PRESS EDTORIAL:Guidance from the most important date in Port history

It is easy to make the case that Feb. 1, 1977 is the most important date in the history of the City of Port Washington.

The day after that date, the only front-page editorial ever published in Ozaukee Press proclaimed: “Future generations of Port Washington residents may want to celebrate Feb.1 as a holiday. For it was on Feb. 1, 1977 that five members of the city council voted to develop the magnificent potential of the Port Washington lakefront.”

 The council’s 5-2 decision to approve an agreement with the U.S. Army Corps of Engineers to proceed with planning for the construction of a small-boat harbor of refuge ultimately transformed the city.

It set in motion forces that created beauty where there was once blight, turned the city’s place on the edge of Lake Michigan into an invaluable asset that welcomed the public to its charms, invited new residents, businesses and visitors to the community and, more than 40 years later, is powering a surge of development unlike anything seen in any Wisconsin city of Port Washington’s size.

There is a lesson in this history for today’s city officials: When improvements in public lakefront facilities are called for, don’t pinch pennies. An area of the small-boat harbor now should be dredged so that a pier can be extended and new marina slips added; onshore improvements are needed as well.

 It is certain that any decisions about the harbor and marina made today will be easier than that 1977 council vote. That decision was fraught with bitter controversy, applauded by some (including this newspaper), but condemned by others who voiced short-sighted and narrow-minded resentments.

Spending for the new harbor will benefit only those privileged to own a boat, they said, and worse, will bring outsiders to the city to take advantage of the boating facilities provided by local taxpayers.

The naysayers very nearly prevailed. Though the federal government promised to pay for building the massive rubble breakwaters that would create the small-boat harbor, uncertainties over financing for the marina facilities within the harbor were exploited by foes of the project, who were able to force an advisory referendum in November 1978. A 52% majority voted to instruct officials to stop harbor planning.

A year later, the Common Council voted to give up on the new harbor. The first paragraph of the Ozaukee Press news story reporting the vote read: “Port Washington will continue to have the worst harbor on the west shore of Lake Michigan.”

Two funding breakthroughs saved the project and the city’s future. The state increased its contribution to the marina construction cost and Ozaukee County agreed to help the city pay the local share.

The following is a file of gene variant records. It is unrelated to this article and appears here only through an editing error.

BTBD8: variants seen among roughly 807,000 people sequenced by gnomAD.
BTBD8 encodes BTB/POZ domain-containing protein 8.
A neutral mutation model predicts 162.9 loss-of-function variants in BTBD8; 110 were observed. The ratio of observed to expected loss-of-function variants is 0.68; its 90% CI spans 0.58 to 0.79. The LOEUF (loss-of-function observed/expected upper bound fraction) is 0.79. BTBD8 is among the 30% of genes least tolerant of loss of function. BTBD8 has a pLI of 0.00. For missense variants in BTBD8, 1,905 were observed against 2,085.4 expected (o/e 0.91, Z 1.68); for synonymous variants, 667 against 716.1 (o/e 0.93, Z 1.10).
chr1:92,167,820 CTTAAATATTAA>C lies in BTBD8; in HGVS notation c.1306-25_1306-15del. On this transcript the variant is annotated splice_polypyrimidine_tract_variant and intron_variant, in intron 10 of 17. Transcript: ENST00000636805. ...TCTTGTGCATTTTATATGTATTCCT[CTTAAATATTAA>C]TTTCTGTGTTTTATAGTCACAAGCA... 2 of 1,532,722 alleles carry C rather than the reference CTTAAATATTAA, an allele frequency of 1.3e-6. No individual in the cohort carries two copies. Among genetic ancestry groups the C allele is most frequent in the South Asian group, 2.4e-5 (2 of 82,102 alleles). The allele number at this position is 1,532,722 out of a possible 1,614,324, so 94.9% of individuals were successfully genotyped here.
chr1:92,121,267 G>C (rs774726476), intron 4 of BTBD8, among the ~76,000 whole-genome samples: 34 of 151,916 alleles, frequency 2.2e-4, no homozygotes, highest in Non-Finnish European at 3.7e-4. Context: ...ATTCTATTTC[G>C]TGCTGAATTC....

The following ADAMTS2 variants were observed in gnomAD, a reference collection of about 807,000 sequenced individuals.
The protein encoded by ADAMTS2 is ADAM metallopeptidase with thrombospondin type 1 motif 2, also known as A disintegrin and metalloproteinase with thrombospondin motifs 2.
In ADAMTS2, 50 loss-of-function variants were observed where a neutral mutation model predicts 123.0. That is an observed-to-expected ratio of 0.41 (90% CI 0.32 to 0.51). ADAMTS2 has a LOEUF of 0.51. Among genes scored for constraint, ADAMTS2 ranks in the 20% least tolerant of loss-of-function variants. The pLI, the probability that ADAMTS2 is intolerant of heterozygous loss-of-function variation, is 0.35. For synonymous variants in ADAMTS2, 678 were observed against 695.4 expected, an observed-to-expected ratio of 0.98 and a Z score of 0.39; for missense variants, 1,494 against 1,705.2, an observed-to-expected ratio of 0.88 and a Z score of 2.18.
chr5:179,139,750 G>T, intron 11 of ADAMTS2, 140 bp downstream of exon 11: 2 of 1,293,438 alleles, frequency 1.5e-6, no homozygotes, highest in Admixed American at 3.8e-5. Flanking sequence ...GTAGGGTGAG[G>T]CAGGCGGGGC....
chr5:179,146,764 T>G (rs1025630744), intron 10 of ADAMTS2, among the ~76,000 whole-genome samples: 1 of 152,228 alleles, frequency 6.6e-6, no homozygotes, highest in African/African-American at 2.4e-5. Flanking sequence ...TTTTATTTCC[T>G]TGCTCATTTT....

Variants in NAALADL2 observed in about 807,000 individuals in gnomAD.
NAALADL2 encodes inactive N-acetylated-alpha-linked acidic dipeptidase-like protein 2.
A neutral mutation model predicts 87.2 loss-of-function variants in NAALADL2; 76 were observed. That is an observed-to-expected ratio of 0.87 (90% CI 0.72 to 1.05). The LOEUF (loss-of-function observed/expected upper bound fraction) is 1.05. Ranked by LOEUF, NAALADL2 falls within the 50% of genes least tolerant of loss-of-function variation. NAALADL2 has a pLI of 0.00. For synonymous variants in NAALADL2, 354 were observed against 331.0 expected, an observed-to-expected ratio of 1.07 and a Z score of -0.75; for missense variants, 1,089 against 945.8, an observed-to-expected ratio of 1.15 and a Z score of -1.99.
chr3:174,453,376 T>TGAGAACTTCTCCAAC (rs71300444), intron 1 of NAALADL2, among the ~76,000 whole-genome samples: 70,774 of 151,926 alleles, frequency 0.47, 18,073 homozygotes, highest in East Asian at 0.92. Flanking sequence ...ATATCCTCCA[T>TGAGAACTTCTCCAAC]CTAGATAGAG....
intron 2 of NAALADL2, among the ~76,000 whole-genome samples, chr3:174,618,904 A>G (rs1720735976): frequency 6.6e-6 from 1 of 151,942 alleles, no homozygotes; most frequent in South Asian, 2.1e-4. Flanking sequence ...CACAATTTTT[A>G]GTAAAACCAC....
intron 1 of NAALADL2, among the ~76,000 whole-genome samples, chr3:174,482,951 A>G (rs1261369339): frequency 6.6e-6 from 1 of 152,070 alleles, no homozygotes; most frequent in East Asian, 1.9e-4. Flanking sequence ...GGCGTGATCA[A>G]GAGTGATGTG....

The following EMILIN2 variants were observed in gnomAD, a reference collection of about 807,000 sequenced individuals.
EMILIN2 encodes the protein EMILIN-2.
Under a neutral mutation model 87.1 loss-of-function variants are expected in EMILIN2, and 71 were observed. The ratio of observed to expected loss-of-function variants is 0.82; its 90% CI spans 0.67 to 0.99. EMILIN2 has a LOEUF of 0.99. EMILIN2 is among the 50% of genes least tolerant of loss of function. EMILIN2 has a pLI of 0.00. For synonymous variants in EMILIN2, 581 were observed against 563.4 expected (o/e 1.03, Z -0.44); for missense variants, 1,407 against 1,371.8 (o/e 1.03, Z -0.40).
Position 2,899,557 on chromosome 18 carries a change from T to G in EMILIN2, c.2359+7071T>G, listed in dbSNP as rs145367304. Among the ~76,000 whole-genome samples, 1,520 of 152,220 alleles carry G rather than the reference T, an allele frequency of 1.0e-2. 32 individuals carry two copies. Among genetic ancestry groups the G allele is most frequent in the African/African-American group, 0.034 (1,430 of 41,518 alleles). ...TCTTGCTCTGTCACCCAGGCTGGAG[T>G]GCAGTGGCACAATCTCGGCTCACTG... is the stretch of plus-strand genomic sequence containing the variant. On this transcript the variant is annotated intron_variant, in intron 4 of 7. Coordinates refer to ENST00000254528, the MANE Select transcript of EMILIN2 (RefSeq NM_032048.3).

The harbor was built and the marina opened in 1982. Before the end of the 20th century, a brilliant plan to create the peninsula that is now Rotary Park to protect the north slip of the old commercial harbor and expand the marina into the very heart of the city came to fruition.

The length of Port Washington’s leap forward with its redeveloped lakefront can only be fully appreciated by comparing it to the maritime slum it left behind.

The harbor built in the 1930s, and unchanged nearly half a century later when it was surrounded by an industrial brownfield, was designed for commercial ships, coal boats servicing the power plant and oil tankers that brought cargoes of fuel oil and gasoline into the north slip. A gasoline leak in the pipeline from the tanker dock to a fuel storage area once caused the evacuation of the downtown and nearby residential neighborhoods.

The wide breakwater gap designed to accommodate freighters and tankers left the harbor open to storm seas that invaded the city, threatened the lives and livelihoods of commercial fishermen and their moored tugs, tossed debris onto streets and damaged shore property. The year before the council made its historic decision to commit to a new harbor, 22 pleasure boats anchored in the breakwater basin were driven ashore, shipwrecked by an epic storm.

Today, the small boat harbor is perfectly safe from those storms, but is in need of some updating, including dredging to make better use of available space and adding slips that will quickly be filled by boats on a long waiting list, adding to the already generous revenue contributed to the city coffer by the marina. The marina parking lot has not been resurfaced since it was built in 1982 and requires work estimated to cost $220,000.

Recalling the most important date in Port Washington history should eliminate any hesitancy about making these investments.

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Ozaukee Press

Wisconsin’s largest paid circulation community weekly newspaper. Serving Port Washington, Saukville, Grafton, Fredonia, Belgium, as well as Ozaukee County government. Locally owned and printed in Port Washington, Wisconsin.

125 E. Main St.
Port Washington, WI 53074
(262) 284-3494
 

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